Are RLs (Research Librarians) just veritable RAs?

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The IFN614 Twitter Chat on research support provided by libraries delivered a healthy debate about the nature of the role that libraries and librarians should have in research, the types of partnerships librarians should have with researchers and the possible drawbacks of academic libraries allocating a significant proportion of their budget to research support.

As a ‘Twitter Chat Champion’ for this chat, I’ve decided to focus on the unresolved issue about the distinction between the role of the research librarian compared to the research assistant. Keller (2015) in her article on research support in Australian libraries, attributes the genuine partnerships that Australian academic libraries have in research to the fact that the value of universities in this country is judged almost exclusively on research performance. Hence, for libraries to add value to the university, they must support, as is the case with QUT Library, “researchers at each stage of the research lifecycle, from the formulation of new ideas, assistance with funding, and the research process itself.” Conversely, research assistants are seen as equally important in the research process in Australian universities as cited by Hutchinson et al (2005) and McDaniel (n.d)  who see research assistants being tasked with contributing ideas to the research project, preparing materials for submission to granting agencies and foundations, as well as data collection, coding and analysis as fundamental to improving research outcomes. However, I could not find any literature that gave a clear distinction between the nature of research support  given by academic libraries as opposed to research assistants and this lack of clarity was clearly seen as an area for exploration from the number of tweets referring to it as seen below.


Given that many universities are operating on lean budgets, I feel that there needs to be a clear line as to what support RLs and RAs are giving so that there is not a duplication of effort and therefore inefficient use of resources. Hence, I sought the insight of a former RA and current PhD student in linguistics at the University of Queensland (UQ), Jayden Macklin-Cordes.

His responses to a series of interview questions that I posed helps to clarify the RL/RA distinction in the context of UQ linguistics research. To summarise, Jayden sees RLs and RAs bringing entirely different skill sets to projects. The librarians’ value is in their knowledge of how to organise and manage data/databases, sort out the best workflow and also advise on legal aspects around publishing/copyright/community issues. The UQ library also provides access to original materials. Once all that architecture of the project is in place, RAs do the more arduous data entry and analysis tasks for which linguistic training is necessary. Beyond this, the library provides an avenue for publishing the output researchers produce and incorporating that appropriately with the University’s system. He states that preparing for fieldwork and successively returning with hard-drives and notebooks filled to the brim has made him really appreciate how much is involved in the kinds of information management and data organisation/storage/publication tasks that librarians are good at and sees this as an entire field of work beyond which linguists are trained for.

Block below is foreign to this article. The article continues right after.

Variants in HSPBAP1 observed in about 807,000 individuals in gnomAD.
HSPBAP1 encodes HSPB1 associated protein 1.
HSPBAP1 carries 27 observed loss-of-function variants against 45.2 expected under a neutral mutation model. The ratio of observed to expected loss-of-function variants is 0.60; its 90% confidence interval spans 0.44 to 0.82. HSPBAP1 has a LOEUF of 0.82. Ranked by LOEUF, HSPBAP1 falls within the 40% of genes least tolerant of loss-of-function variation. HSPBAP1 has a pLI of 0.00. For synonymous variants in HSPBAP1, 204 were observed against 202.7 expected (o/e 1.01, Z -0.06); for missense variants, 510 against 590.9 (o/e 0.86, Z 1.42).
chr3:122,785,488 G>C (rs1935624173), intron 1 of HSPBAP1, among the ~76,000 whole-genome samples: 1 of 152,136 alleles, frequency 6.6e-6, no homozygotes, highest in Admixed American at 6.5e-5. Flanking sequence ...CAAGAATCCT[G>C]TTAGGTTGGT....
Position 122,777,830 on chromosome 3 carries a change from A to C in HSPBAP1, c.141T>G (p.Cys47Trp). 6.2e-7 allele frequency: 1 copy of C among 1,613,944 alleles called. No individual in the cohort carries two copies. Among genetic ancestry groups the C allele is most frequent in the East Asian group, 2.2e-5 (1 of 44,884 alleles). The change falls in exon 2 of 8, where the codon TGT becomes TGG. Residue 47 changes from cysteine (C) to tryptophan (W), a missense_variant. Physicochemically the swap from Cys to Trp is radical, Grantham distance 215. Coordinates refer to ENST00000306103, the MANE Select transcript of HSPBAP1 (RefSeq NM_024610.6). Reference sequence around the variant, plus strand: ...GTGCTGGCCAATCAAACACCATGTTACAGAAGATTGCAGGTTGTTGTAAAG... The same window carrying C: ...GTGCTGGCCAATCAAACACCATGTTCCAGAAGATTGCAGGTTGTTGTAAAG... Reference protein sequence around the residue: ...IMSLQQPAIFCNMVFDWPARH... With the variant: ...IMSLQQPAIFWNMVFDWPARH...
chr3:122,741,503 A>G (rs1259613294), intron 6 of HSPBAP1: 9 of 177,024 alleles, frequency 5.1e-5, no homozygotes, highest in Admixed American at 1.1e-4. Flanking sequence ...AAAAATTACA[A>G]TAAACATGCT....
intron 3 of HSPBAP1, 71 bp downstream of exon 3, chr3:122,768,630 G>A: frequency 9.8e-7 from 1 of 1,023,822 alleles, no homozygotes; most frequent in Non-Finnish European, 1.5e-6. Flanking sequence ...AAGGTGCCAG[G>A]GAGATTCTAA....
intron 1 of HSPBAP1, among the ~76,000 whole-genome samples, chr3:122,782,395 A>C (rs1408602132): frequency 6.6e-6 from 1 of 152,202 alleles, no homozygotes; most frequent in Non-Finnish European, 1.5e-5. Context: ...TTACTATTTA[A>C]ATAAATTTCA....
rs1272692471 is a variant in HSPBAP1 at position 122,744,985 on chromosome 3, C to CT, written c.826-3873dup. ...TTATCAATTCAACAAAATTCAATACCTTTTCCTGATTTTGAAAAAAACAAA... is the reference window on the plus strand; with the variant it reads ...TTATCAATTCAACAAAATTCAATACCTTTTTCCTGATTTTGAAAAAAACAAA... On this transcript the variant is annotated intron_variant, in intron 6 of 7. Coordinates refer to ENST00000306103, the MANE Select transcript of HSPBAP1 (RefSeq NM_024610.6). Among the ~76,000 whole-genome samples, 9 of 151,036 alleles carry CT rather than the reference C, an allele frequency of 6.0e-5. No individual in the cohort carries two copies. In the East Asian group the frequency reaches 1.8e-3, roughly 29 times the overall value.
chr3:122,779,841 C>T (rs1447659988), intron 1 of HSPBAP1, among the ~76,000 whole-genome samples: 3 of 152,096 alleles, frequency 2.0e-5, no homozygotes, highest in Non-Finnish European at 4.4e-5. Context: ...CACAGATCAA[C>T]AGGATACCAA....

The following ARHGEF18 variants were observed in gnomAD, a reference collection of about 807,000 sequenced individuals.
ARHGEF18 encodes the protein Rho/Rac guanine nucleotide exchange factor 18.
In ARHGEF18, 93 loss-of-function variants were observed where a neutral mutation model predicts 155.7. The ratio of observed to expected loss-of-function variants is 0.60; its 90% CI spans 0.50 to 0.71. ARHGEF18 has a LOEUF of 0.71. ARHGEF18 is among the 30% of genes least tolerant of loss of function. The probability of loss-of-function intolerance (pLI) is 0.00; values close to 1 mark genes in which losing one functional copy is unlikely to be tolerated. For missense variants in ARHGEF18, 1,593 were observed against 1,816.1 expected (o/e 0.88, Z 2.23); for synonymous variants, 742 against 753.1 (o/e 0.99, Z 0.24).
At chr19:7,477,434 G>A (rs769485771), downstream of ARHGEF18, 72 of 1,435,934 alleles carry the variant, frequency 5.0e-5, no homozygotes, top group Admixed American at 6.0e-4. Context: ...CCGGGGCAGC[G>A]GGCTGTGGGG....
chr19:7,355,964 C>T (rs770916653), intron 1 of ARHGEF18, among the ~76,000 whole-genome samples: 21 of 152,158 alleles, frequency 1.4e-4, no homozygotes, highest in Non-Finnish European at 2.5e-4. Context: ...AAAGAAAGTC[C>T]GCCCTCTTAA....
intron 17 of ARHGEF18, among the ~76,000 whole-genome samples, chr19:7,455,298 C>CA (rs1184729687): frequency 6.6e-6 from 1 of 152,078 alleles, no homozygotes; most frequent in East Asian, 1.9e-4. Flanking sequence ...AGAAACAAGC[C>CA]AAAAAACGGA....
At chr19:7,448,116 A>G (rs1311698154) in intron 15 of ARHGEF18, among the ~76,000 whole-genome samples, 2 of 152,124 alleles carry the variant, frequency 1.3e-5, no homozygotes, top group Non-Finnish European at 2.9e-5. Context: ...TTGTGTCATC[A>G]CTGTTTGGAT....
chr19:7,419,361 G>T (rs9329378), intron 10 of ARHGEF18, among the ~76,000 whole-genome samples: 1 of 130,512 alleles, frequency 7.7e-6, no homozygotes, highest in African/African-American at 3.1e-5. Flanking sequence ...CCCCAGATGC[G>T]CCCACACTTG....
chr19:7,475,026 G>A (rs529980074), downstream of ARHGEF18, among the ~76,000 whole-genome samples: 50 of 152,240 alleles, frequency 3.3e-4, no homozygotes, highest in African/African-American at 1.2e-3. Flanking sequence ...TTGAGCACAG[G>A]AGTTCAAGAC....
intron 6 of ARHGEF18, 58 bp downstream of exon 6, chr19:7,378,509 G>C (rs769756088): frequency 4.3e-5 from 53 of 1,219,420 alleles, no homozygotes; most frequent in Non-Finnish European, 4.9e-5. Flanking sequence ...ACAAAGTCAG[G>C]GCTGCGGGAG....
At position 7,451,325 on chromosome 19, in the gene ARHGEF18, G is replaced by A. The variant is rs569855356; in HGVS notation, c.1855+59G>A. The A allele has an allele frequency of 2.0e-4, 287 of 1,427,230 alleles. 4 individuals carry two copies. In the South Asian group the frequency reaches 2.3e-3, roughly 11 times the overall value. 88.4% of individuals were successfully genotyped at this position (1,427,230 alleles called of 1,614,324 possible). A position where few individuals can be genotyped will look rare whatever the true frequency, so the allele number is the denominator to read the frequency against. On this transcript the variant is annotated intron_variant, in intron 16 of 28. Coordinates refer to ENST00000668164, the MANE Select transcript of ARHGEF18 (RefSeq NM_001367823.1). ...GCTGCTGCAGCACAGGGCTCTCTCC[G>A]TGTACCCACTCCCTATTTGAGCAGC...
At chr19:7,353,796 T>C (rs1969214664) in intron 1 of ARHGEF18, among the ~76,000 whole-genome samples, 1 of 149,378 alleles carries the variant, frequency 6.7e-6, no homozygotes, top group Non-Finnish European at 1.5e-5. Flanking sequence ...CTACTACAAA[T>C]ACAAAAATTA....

Although he states that digitization of old materials may be one area in which librarian and RA tasks might overlap, he does not see librarians ever making RAs redundant as the tasks which have been passed on to research librarians are those that frustrate RAs and researchers as they take up time, tie up resources and eat research budgets. He affirms that, “for every hour’s worth of work which a librarian can do for us, probably faster and with better results, is an extra hour freed-up so our RA can spend doing more linguistic analysis. The less time we spend mucking around with tasks for which we’re untrained and ill-equipped and the more time we can spend actually doing real linguistics, the better.”
So armed with this insight, it is very reassuring to hear that academic libraries and librarians are not defacto RAs but  have their distinct place in research support and offer a skill set that assists RAs and researchers to concentrate on their specific role.
Many thanks to Sharee Cordes for putting me in contact with her son, Jayden, and to Jayden Macklin-Cordes for the comprehensiveness of his responses to my queries.

Comments 14

  • Great post Lisa,

    I thought this was an interesting point brought up in the twitter chat, but I completely agree with your stance and Jayden’s assessment. Having worked as an RA for a little over a year with the School of Justice, I can attest to the fact there is much that an RA does which could not be done by most librarians. I worked on several projects where I coded qualitative data; looking for key words, themes, relationships, non-relationships, gaps, new themes which we hadn’t expected to find – the list goes on. This is quite specialist work, you would certainly need to have an excellent understanding of the literature around the research topic and an understanding of justice and criminology (as well as the small niche focus area of the paper) to know what you’re looking for.